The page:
Sunday, August 28, 2011


At our last Twin Cities Tatters gathering, Michelle and I were looking at the different chain stitches, which prompted my Study of Chains a couple of posts back.  While looking at the Node Stitch, we saw further explanation of up and down picots.  I've been looking further at those picots in my Elgiva Nichols books on technique and history.

 In the Elgiva Nichols books, the Node Stitch is described as sets of half stitches, i.e. three first half stitches and then three second half stitches. Naming the stitches is suggested as first halves "plain" and second halves "purl".  Like a reverse stitch in knitting.  The nodes end up on upper and lower edges, or where the direction of the stitch changes.  Picots will end up as "up" or "down" by making them between the sets of half stitches. 

Picots are formed by whichever stitch follows them - a picot just prior to a set of first half stitches (under) will be "up", and a picot just prior to a set of second half stitches (over) will be "down".  (The books suggests memorizing this:  Plain drops down; Purl stands skyward - however, that will depend on what you consider first half and second half.  The 'Purl' will just be the reverse of the 'Plain'.)  I practiced.  It's hard to remember which half you're on :)

I was all excited about the "purl" part and thought to myself, "Oh - this is what purl tatting is."  WRONG.  This is a purl STITCH.  Purl/Pearl tatting involves (gasp!) 3 shuttles.  So, just for fun, I looked up purl and found Wikipedia says:  In older tatting and crocheting patterns, picots were sometimes specified as purls, purl stitches, or pearl stitches. These specifications are not to be confused with the reverse stitch known as a purl in
knitting.  WHAT?  I thought I just learned that the purl stitch was exactly the reverse of the plain.  Like in knitting.

No wonder tatting is so blasted confusing!  Or is it ME that makes it so much harder to understand?  I always need to understand things backward and forward.  I do tend to make things more difficult than they need to be. 

In all that trying to study and understand, I didn't get any actual tatting completed.  But I did spend some time sewing more armchair caddies:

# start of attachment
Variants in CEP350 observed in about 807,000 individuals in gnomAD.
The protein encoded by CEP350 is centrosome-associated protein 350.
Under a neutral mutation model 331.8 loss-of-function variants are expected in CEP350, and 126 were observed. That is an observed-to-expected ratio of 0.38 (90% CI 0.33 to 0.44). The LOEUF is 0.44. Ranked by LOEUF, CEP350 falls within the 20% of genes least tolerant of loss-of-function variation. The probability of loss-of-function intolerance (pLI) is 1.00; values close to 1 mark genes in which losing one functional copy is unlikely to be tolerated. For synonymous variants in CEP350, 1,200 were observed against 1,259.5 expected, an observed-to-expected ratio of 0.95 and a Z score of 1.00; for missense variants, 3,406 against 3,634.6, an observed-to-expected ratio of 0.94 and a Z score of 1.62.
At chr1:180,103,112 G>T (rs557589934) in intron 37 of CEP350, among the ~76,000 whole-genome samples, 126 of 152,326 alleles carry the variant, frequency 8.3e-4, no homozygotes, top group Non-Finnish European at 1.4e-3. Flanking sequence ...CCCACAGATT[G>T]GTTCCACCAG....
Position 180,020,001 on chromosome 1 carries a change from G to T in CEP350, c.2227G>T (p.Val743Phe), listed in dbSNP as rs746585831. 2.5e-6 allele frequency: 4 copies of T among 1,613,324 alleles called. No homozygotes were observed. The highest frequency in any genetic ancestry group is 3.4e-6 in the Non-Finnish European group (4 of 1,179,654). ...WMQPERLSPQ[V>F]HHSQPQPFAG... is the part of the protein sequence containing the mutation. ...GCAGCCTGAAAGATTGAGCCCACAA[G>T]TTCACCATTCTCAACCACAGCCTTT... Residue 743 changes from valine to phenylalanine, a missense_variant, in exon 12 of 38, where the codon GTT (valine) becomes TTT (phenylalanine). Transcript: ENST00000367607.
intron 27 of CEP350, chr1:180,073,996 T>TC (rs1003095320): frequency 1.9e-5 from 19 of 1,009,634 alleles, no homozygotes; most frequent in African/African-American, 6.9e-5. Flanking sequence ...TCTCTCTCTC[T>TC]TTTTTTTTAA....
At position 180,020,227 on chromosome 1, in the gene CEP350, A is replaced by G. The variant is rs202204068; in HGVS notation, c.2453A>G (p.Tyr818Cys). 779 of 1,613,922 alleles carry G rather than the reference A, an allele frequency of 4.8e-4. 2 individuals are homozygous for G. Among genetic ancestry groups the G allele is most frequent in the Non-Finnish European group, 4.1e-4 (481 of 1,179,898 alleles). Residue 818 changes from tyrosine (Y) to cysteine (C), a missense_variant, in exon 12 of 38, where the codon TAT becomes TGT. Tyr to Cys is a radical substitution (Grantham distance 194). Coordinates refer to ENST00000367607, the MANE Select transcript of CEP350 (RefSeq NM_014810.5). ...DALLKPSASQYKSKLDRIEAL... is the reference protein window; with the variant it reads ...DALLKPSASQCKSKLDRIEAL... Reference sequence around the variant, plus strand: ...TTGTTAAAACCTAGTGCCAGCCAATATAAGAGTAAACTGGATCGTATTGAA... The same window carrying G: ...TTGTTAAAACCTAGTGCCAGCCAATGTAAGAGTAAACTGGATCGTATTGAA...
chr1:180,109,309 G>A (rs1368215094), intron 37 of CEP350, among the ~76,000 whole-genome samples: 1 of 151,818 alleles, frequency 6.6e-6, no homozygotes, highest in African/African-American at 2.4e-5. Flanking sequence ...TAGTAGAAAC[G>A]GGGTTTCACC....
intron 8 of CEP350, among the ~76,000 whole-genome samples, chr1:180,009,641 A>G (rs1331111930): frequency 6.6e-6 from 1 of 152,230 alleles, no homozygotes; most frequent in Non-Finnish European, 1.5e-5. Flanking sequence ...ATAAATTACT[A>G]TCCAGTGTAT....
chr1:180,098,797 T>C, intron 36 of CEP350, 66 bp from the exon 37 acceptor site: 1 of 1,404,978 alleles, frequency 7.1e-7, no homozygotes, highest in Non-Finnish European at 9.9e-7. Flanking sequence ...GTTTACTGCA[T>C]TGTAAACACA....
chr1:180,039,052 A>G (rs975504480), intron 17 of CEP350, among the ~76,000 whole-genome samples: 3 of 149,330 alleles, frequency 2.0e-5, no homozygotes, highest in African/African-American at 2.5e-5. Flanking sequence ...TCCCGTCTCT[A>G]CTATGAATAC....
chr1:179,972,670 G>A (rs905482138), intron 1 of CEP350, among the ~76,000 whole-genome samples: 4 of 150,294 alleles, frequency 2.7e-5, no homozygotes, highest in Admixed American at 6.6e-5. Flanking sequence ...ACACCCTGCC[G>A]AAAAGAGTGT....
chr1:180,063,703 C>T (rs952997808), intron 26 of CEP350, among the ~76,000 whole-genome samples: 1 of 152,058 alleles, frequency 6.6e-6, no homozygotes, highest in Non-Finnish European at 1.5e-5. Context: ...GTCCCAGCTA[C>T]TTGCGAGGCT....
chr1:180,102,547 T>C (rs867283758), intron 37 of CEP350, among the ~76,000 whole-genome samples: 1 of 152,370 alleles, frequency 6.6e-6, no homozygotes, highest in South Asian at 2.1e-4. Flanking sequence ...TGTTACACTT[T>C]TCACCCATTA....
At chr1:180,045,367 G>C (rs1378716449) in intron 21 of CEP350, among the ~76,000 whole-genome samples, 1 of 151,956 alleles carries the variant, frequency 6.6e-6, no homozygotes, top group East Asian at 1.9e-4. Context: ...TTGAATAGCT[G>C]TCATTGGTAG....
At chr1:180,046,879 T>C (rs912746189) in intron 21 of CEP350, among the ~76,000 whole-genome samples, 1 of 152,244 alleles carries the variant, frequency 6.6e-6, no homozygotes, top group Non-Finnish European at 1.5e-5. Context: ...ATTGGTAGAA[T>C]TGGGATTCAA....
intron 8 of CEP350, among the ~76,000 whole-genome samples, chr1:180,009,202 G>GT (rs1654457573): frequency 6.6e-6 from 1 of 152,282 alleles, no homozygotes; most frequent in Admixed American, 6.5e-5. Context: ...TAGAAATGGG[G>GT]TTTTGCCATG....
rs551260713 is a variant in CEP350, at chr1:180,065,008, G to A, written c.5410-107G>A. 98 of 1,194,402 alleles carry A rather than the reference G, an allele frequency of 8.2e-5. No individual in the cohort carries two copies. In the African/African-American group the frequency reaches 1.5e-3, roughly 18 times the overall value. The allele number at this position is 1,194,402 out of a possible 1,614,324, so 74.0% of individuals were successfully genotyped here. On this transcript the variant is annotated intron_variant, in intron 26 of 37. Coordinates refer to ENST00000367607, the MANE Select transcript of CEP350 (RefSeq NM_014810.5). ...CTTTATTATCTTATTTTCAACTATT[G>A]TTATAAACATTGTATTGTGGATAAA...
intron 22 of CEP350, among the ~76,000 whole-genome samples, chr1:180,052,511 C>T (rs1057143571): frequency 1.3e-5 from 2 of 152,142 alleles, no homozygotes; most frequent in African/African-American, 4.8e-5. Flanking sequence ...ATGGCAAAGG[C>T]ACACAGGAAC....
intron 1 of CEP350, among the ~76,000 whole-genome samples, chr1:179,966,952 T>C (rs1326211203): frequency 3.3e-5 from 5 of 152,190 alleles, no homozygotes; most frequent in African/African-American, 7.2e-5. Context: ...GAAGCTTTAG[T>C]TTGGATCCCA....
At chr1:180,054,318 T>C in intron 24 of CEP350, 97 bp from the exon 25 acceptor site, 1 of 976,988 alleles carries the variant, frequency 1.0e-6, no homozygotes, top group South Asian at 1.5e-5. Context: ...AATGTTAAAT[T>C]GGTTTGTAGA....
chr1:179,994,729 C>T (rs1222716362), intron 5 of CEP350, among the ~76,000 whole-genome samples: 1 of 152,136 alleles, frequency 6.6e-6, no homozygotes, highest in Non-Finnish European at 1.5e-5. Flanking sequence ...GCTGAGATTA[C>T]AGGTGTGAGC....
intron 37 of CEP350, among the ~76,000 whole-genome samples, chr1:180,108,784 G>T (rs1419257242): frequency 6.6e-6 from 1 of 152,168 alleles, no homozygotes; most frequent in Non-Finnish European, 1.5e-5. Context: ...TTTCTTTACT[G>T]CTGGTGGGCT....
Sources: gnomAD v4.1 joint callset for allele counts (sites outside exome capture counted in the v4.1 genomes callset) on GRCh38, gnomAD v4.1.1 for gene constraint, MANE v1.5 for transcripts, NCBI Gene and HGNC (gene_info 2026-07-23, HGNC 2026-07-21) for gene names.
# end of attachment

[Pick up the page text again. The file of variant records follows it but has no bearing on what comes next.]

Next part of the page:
and devoured this wonderful book in two days:

And to finish my weekend, I will spend this afternoon celebrating the 50th Wedding Anniversary of my dear Godparents.  This will be the sixth 50th Anniversary celebration of 7 brothers/sisters in my mom's family.  How wonderful is that? 

Sunday, August 21, 2011

Crafting at the Pet Store?

While working on this:

I found myself in the reptile section at the pet store.  Yes, the reptile section.  For pincushion filling.  Yep.  It was suggested that I use crushed walnut shells for filling, to be found as bird or reptile bedding.  I ttried Wal-Mart's pet section first, but ended up at two pet stores.  Who would've thought I'd be spending my craft money at the pet store?  My only concern is making something for anyone with severe nut allergies. If I didn't use pins from this pincushion for any reason on my tatting, do you think it would be an issue using items from the pockets for someone with nut allergies?  I could substitute with brillo pads or wool roving, but the weightiness of the crushed walnut (similar to sand) is really nice to keep this caddy in place.

In any case, I wanted something to fit on my chairs to keep my tatting or sewing supplies in.  AND, it had to work on a regular stuffed chair arm too.  Luckily, I can use it for both!  I just added some ties on the back side to be able to tie to wooden armchairs.  Those pockets will be handy for all my tools and supplies :)